). However my back wheel was making me think that perhaps the 135km was the more prudent option so I dropped to the back of the grupetto before, suddenly, we were at the 135-205km split. The rest of the group went left, I went right and was suddenly on my own.
The road tilted up. And then it was tilted upward bianchi strada
. A toothless old Italian guy joined me, climbing out of the saddle like he was Claudio Chiapucci’s grandad. Perhaps he was as he was happy to chat away despite me making it clear that I couldn’t understand a word (at one point, churlishly, I tried to pretend that I was Flemish). However I was more off put by my lose handlebars, with the brake levers pointing skywards. Fortunately there was an impromptu foodstop and a kindly chap on a tidy Brian Rouke loaned me a sturdy allen key (the minitool that I had offered almost no leverage and was useless, apart from successfully and inexorably wearing a hole in the pocket of my handsome woolen jersey). I also found a track pump and managed to stick 80psi in my back tyre. Suddenly things, like the bianchi strada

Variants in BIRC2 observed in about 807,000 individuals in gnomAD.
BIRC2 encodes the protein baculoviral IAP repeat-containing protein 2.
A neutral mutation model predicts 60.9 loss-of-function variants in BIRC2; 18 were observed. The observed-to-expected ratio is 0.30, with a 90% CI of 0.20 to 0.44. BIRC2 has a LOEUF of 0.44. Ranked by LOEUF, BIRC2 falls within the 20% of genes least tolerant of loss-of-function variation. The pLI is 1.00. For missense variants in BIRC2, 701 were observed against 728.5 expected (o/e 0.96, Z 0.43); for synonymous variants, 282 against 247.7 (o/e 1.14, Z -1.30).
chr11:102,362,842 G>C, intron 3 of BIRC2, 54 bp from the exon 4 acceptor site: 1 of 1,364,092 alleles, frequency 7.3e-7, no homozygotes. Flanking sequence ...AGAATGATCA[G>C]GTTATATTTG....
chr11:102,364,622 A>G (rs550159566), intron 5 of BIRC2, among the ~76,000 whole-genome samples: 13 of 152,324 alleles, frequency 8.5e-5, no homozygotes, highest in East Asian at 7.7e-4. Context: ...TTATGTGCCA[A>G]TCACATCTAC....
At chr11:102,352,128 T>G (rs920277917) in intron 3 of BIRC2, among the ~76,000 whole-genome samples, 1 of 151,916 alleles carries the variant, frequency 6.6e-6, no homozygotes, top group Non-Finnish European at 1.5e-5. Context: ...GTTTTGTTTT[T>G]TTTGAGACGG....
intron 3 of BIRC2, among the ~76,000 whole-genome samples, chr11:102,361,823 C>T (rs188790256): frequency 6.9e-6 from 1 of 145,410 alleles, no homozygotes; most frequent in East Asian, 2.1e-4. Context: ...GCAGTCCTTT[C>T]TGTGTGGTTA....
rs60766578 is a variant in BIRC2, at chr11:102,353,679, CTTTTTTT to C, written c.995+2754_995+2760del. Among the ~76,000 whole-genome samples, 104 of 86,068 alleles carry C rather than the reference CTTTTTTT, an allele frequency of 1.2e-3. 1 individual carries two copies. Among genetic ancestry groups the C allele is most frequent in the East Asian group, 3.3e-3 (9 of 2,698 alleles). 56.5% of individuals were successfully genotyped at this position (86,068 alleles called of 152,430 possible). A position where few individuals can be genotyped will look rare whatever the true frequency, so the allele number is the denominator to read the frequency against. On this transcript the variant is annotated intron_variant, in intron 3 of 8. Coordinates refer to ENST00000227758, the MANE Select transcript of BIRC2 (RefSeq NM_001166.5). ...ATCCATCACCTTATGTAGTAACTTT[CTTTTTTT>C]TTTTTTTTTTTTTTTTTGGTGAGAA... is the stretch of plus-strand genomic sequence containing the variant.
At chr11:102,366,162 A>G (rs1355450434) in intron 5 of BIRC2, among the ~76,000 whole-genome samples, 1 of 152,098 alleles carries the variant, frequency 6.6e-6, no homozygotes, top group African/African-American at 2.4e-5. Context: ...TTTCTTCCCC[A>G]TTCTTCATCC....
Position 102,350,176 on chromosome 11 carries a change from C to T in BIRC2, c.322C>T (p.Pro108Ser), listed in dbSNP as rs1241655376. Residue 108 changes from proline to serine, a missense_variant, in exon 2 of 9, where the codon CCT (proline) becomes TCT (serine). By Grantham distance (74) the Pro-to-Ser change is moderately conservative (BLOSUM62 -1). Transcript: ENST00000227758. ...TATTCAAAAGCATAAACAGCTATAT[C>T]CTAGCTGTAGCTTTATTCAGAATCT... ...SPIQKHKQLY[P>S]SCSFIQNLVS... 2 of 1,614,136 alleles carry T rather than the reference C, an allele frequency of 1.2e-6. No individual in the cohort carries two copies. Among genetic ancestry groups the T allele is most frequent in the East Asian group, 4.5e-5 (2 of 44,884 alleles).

, were looking up. And up. I’d not used toeclips properly in well over 20 years and although I’d pulled the straps tight enough to leave the toes on my right foot numb, I did manage to pull my foot out on the climb although had just enough momentum to keep going. Finally the uphill bianchi strada
ceased at over 560m and we were in the beautiful hilltop town of Montalcino (I say we as I was riding with a German guy who lived in Switzerland. More importantly, he had a beautiful pantographed Gerber and had two previous finishes in the event). It was now midday, we were 84km in and I was pretty knackered. Nothing a glass, or two, of rustic red wouldn’t sort though.
The road descent from Montalcino would have been fantastic but single pivots with 25 year old cables and original brake blocks, plus a rear brake on quick release, didn’t inspire confidence. Soon enough though it was back to the bianchi strada